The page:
Most old time radio programs work in part because of the era they’re set in. For most programs, trying to update them to modern times would be silly. Taking Philip Marlowe, Barrie Craig, Nick Carter, or Candy Matson out of their original contexts wouldn’t make sense.

Of course, it’s always possible to do a period piece. Although modern period pieces often suffer from creators deciding they need to transport twenty-first-century sensibilities back into historical periods.

However, some old time radio detective programs could be made well set in modern times, with a few tweaks thrown in:

1) Box 13

The original concept: 1940s series starring Alan Ladd. The reporter and mystery writer Dan Holiday places an ad in the paper, “Mystery wanted, will go anywhere, do anything.” A few episodes in, Dan hired a secretary named Susie. It seems she had undiagnosed inattentive-type ADD, which unfortunately got her dismissed as ditzy at the time.

Twenty-first Century updates: He would post his ad online and receive replies to an email address with “Box 13” sneaked into it believably. He could be an adventure blogger who posts about his adventures and lives on Patreon income and Google AdSense revenue. Also, Susie could be portrayed as not being so dumb while steering clear of making her a Mary Sue.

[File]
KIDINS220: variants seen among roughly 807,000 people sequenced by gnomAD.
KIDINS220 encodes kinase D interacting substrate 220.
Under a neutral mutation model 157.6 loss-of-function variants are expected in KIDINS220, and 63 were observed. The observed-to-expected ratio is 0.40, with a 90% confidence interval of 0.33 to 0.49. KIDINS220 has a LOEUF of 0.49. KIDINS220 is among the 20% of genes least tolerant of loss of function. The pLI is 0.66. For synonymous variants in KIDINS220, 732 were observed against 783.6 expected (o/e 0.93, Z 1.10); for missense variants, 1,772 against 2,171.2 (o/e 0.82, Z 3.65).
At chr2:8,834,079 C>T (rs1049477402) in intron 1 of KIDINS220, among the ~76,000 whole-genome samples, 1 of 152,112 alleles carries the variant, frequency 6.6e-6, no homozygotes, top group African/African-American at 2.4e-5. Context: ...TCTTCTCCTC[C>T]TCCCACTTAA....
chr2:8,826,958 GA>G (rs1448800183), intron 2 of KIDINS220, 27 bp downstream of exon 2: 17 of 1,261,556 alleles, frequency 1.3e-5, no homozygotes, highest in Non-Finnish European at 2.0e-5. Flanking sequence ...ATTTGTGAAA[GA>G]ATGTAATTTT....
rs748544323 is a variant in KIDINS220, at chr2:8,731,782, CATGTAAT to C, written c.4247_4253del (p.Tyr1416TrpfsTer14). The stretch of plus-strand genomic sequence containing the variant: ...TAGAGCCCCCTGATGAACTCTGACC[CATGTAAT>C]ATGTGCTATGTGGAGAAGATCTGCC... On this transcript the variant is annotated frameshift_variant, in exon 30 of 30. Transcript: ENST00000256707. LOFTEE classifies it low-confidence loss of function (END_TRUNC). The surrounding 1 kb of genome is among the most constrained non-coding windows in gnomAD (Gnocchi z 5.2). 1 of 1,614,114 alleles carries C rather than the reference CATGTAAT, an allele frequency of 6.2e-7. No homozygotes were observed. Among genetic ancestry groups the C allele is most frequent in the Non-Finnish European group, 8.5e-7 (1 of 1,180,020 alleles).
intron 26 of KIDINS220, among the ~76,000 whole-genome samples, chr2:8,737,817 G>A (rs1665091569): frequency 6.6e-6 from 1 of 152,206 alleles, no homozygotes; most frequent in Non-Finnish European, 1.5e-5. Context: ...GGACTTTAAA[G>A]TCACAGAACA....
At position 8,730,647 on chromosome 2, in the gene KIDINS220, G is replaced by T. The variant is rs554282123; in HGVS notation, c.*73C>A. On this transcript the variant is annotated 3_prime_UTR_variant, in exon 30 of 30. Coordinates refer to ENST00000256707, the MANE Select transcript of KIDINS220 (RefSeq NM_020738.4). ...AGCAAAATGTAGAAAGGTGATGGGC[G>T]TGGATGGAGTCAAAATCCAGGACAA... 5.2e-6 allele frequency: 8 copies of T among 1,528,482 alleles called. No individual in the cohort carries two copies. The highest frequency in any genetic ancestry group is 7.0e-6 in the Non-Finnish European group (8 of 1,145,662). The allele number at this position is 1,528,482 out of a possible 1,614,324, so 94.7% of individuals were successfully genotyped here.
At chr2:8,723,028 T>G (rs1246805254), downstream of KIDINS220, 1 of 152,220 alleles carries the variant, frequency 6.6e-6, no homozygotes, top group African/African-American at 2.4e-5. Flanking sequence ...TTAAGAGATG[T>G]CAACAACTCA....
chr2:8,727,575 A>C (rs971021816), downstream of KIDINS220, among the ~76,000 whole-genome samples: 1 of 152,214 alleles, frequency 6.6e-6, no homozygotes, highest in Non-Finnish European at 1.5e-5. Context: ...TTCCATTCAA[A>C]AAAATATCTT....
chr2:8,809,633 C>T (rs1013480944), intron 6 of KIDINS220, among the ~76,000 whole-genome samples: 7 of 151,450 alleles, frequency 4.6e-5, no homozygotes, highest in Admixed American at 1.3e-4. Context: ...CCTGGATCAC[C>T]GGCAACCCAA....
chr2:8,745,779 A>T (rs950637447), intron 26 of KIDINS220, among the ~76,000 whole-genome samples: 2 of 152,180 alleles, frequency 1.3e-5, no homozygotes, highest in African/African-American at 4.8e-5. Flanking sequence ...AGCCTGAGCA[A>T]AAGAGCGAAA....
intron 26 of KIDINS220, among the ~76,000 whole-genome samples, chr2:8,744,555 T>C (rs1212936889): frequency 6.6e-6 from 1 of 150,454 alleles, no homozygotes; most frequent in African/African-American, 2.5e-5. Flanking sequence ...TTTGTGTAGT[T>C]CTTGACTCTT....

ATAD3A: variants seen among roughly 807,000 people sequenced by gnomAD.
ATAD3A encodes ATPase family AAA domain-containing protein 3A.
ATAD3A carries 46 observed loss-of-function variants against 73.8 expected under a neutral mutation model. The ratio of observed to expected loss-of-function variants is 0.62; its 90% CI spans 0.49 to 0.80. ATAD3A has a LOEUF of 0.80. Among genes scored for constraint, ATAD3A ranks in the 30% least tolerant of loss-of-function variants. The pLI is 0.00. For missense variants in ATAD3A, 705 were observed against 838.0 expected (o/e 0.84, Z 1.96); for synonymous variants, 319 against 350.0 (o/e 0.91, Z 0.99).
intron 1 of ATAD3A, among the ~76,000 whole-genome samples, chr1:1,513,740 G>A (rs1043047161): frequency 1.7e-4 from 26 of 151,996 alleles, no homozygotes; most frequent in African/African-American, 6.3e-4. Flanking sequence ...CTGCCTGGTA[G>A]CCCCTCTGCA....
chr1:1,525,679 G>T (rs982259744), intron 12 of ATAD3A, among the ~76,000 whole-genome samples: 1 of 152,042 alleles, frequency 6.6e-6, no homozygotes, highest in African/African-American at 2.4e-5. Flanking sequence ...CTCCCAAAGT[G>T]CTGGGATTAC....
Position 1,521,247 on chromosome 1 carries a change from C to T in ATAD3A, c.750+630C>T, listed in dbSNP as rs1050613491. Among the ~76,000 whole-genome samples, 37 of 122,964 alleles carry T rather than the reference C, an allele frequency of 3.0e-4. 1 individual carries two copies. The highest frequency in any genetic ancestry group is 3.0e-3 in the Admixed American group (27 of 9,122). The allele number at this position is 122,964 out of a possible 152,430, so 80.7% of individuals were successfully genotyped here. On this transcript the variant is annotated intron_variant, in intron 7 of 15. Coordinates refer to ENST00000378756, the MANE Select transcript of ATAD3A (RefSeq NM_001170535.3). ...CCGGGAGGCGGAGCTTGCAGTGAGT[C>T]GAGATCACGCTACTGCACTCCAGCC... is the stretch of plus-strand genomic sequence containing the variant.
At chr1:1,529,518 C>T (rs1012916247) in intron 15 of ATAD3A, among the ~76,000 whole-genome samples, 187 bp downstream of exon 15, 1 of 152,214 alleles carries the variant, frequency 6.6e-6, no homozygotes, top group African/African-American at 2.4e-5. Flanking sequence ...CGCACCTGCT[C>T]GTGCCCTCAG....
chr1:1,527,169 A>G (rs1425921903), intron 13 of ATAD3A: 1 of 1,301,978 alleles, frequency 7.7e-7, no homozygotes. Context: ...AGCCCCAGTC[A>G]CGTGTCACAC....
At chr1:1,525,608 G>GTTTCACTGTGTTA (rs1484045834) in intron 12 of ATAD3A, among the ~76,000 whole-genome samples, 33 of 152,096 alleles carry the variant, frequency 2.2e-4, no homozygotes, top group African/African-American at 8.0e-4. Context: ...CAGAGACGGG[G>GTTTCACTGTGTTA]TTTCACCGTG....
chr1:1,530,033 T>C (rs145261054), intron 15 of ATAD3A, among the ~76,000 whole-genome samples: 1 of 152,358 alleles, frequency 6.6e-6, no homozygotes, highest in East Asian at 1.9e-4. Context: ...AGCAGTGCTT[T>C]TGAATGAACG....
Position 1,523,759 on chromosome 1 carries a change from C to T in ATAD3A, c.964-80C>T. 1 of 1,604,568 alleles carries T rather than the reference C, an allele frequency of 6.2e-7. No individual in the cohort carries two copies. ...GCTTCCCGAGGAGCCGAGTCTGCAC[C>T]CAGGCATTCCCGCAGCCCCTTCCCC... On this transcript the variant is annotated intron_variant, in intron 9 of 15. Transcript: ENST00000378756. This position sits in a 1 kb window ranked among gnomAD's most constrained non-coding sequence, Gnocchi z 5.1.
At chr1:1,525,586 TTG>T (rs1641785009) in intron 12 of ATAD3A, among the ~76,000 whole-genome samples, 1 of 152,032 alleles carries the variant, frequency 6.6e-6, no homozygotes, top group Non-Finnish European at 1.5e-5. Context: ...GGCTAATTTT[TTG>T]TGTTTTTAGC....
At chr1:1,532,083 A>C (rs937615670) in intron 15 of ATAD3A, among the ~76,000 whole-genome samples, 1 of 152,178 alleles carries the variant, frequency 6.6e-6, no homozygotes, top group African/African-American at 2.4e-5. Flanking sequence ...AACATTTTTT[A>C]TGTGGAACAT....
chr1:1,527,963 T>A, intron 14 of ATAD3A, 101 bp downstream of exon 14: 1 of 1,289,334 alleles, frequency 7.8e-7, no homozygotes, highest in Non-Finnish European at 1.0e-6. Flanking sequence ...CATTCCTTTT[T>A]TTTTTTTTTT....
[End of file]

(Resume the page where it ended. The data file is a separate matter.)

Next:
2) The Big Guy

The original concept: 1950s radio series starring John Calvin as a widowed single father raising his two kids on his own while also being a private detective.

Twenty-First Century Update: I always thought the original concept of the show had a lot of unrealized potential. Probably the most important thing would be to pick a tone. The surviving episodes vary too much. Some try to be adult crime dramas, while others would have appealed more to kids. I would propose making it a good family show with some comedy and the kids stumbling into his cases.

3) Mr. and Mrs. North

The original concept: A publisher and his wife solve mysteries together.

Twenty-First Century update: It’s been too long since we have a loving mystery-solving couple. Tampering would be minimal. Pam and Jerry are already equal partners in the mystery- solving department.Listening to the radio programs or watching the TV episodes, it’s a coin flip as to who’ll provide the solution.